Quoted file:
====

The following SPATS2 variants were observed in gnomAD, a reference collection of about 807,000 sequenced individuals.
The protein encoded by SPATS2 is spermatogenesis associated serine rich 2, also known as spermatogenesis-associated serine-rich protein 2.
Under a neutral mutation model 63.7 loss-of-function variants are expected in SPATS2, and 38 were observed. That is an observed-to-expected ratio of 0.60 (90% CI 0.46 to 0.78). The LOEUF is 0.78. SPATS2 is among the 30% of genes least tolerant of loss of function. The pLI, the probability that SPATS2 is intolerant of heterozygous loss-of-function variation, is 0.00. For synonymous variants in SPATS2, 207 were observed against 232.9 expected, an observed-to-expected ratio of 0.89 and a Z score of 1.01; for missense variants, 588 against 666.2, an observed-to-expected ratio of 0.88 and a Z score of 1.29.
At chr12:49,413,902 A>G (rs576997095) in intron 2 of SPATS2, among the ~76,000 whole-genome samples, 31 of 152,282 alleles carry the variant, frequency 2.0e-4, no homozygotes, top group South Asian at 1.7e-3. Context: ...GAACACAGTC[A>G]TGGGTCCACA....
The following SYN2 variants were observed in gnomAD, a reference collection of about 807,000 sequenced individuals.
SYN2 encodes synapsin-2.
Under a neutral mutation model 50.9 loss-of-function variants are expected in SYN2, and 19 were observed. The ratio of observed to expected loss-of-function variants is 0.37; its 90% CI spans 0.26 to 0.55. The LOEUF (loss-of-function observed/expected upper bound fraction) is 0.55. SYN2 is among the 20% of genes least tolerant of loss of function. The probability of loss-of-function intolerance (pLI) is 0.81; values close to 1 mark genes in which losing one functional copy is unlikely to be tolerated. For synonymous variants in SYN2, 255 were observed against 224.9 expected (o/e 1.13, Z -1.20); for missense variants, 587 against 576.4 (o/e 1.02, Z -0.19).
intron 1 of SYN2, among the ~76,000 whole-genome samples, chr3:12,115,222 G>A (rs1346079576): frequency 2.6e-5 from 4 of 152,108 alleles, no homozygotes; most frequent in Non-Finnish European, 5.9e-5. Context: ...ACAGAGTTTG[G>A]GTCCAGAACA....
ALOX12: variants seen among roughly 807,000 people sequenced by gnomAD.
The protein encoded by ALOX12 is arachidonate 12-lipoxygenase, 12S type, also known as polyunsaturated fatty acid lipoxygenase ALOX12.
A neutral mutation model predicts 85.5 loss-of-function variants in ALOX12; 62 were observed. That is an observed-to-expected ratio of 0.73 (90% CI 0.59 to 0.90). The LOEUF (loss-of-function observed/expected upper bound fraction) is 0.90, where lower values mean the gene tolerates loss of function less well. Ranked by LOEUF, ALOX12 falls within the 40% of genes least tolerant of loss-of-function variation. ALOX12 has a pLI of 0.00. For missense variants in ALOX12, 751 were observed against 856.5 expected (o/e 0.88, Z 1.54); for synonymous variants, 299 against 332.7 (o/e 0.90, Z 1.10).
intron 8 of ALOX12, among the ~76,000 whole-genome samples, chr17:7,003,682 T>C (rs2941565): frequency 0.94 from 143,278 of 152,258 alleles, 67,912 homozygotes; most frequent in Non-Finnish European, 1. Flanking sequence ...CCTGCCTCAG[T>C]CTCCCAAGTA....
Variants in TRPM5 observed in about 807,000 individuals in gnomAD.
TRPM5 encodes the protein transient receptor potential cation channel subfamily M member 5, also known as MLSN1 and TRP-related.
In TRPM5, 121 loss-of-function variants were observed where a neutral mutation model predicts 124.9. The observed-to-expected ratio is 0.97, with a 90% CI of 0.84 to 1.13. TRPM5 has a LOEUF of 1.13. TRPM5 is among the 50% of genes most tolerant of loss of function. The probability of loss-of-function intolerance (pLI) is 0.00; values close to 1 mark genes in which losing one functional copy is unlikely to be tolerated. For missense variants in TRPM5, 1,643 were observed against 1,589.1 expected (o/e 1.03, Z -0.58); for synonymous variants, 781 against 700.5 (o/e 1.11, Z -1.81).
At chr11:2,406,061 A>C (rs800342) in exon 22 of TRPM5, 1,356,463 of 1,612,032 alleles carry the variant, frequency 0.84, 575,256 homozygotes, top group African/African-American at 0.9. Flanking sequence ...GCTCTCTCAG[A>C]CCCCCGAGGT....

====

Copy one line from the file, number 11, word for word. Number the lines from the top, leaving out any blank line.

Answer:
A neutral mutation model predicts 85.5 loss-of-function variants in ALOX12; 62 were observed. That is an observed-to-expected ratio of 0.73 (90% CI 0.59 to 0.90). The LOEUF (loss-of-function observed/expected upper bound fraction) is 0.90, where lower values mean the gene tolerates loss of function less well. Ranked by LOEUF, ALOX12 falls within the 40% of genes least tolerant of loss-of-function variation. ALOX12 has a pLI of 0.00. For missense variants in ALOX12, 751 were observed against 856.5 expected (o/e 0.88, Z 1.54); for synonymous variants, 299 against 332.7 (o/e 0.90, Z 1.10).